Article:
A snowboard is the main piece of equipment used in snowboarding. It is a board designed to be attached beneath the rider's feet with bindings, and ridden down dry ski slopes or snow-covered slopes. No ski poles are used.

Most snowboards are constructed of a wood core and laminated with fiberglass. The front of the board (the "nose" in snowboarder parlance) is upturned, to help the board glide over uneven snow; the back of the board may be equally upturned, less upturned, or relatively flat, depending on how much time the snowboarder plans to spend riding backwards. The base (the side of the board that touches the snow) is covered with a plastic called p-tex, which is typically sintered to help it absorb wax, which helps it slide faster. The edges of the base are fitted with a steel edge, just a couple millimeters square, which helps the board grab the snow when tipped up on edge. The top of the board typically sports graphics designed by board makers to attract riders to their boards. Snowboard topsheet graphics can be a highly personal statement and many riders spend many hours customizing the look of their boards.

Snowboard designs differ primarily in:

  • Length - Boards for children are as short as 120 centimeters; boards for racers (aka "alpine" riders) are as long as 215 cm. Most people ride boards in the 140-165 cm range. A good rule of thumb is that with the board standing on end, it should be as tall as the chin of the rider. The longer the board, the more stable it is at high speed, but also a bit tougher to control.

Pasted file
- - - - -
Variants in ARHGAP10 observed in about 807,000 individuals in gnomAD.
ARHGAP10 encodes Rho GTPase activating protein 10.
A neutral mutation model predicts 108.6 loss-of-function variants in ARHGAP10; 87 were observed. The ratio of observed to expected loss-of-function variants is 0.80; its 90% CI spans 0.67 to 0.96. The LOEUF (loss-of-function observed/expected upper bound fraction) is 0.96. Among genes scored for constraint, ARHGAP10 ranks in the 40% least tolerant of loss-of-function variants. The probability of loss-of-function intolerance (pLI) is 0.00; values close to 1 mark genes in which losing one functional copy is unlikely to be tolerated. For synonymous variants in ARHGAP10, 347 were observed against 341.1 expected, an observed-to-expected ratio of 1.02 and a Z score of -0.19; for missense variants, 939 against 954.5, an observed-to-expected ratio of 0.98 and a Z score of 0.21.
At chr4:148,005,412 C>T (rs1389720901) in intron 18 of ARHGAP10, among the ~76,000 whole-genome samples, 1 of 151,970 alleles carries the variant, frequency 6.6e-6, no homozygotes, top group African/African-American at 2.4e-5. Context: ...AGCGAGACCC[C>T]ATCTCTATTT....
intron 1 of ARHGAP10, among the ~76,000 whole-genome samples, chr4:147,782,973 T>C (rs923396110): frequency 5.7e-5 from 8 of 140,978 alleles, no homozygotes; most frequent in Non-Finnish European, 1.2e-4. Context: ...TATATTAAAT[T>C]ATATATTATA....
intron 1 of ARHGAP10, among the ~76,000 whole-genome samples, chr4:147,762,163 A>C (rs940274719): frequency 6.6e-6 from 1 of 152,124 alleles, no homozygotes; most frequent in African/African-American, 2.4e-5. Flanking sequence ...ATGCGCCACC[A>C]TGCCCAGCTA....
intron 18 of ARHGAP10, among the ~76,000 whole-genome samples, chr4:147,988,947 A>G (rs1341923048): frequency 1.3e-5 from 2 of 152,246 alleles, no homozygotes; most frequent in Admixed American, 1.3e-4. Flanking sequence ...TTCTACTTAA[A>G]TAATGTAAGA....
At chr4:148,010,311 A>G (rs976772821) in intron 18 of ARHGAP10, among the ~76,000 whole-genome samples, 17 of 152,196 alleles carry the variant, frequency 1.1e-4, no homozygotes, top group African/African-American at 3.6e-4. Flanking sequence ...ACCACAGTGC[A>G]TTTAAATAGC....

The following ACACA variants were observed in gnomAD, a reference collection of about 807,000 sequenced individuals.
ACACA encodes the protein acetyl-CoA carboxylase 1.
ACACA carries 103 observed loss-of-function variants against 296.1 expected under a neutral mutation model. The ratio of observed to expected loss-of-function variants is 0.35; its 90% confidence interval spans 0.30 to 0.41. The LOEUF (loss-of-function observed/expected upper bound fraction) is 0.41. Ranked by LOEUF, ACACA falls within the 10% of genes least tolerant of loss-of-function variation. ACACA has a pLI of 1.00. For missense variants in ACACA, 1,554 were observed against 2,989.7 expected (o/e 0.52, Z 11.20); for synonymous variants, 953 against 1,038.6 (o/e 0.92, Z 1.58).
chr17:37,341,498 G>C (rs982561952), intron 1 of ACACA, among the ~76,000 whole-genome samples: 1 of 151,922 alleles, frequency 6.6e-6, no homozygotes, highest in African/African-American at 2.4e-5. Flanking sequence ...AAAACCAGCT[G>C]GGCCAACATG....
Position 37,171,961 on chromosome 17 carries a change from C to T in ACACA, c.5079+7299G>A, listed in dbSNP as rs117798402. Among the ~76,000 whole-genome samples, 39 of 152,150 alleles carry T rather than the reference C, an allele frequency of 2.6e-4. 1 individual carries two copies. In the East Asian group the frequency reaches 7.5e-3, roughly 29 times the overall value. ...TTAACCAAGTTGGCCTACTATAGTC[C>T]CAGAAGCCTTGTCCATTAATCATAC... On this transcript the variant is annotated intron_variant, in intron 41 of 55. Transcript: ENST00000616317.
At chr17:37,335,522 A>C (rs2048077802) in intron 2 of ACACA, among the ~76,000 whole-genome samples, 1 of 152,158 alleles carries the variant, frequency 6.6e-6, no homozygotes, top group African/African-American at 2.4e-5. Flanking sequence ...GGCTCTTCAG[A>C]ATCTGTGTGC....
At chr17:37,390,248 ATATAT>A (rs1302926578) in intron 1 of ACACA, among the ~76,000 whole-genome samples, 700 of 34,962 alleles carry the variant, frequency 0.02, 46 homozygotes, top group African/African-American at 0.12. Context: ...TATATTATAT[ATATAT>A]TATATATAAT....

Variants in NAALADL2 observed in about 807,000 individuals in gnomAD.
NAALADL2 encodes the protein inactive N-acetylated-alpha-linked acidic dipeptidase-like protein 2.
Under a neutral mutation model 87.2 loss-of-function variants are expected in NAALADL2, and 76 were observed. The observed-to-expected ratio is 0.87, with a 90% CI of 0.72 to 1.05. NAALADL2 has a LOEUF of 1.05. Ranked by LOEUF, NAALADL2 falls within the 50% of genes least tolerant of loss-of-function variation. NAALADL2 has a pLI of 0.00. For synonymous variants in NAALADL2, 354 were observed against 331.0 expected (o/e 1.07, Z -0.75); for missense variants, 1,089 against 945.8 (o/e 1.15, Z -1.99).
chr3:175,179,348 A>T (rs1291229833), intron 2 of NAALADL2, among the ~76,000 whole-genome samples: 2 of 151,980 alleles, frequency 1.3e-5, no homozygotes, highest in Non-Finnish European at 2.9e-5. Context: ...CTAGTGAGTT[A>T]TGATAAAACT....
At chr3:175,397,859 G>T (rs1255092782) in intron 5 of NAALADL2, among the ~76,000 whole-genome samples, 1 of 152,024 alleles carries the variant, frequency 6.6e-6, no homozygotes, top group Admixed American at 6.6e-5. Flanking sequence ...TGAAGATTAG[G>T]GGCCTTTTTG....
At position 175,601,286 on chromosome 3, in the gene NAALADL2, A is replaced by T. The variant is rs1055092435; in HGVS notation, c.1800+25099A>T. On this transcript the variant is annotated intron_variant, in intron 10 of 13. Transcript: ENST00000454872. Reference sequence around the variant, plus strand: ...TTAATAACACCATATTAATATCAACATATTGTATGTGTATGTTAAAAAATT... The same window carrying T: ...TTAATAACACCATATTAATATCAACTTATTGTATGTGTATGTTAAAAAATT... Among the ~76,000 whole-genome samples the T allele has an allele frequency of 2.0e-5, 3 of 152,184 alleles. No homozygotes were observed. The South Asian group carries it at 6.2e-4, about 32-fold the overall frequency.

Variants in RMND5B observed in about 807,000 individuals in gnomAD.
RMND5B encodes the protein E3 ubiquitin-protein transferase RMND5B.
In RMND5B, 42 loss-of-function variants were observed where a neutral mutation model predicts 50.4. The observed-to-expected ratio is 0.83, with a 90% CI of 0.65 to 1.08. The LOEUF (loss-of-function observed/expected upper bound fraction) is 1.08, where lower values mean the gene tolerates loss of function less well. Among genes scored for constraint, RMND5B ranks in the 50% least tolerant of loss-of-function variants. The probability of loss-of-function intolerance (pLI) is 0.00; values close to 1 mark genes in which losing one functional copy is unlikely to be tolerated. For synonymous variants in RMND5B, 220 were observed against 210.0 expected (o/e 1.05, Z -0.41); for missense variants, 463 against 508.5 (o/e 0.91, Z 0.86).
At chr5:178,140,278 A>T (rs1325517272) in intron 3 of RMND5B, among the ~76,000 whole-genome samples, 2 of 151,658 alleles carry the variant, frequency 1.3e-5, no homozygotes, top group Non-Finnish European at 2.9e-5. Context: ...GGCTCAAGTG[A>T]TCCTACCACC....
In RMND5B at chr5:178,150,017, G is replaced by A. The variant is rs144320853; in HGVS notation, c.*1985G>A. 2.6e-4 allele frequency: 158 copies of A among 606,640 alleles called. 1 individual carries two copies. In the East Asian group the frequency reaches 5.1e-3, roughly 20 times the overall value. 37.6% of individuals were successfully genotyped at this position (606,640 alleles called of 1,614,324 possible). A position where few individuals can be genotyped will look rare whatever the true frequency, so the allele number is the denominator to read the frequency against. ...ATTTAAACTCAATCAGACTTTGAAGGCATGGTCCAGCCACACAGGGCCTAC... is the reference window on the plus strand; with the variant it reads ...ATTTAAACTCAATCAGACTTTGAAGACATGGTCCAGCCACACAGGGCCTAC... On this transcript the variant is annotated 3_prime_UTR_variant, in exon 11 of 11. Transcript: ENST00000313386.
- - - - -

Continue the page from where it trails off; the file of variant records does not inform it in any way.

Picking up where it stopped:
• Width - The width is typically measured at the waist of the board, since the nose and tail width varies with the sidecut and taper (which we will get to in a moment). Freestyle boards are up to 28 cm wide, to make it easier to keep one's balance. Alpine boards are typically 18-21 cm wide, although they can be as narrow as 15 cm. Most folks ride boards in the 24-25 cm range.

  • Sidecut - The edge of the board, as viewed from above, is not straight but curved, so that the tip and tail are wider than the center. This curve aids turning and affects the board's handling in ways too complex to describe here. The curve has a radius that might be a short as 5 meters on a child's board or as large as 17 meters on a racer's board. Most boards use sidecut radii in the 8-9 meter range.

  • Flex - The flexibility of a snowboard affects its handling, again in ways too complex for this space, and typically varies with the rider's weight. There's no standard way to quantify snowboard stiffness, but novices tend to prefer softer flex, racers stiffer flex, and everyone else something in between.


Though bindings are not strictly part of the snowboard, they are necessary for its use. The bindings are affixed to the board, and the booted feet are then held in place in the bindings using a variety of systems. Behind the heel and up the calf area is a stiff molded support called a "highback." This allows the rider to lean back and effect a "heelside" turn. Unlike ski bindings, snowboard bindings do not release. There are several types of bindings: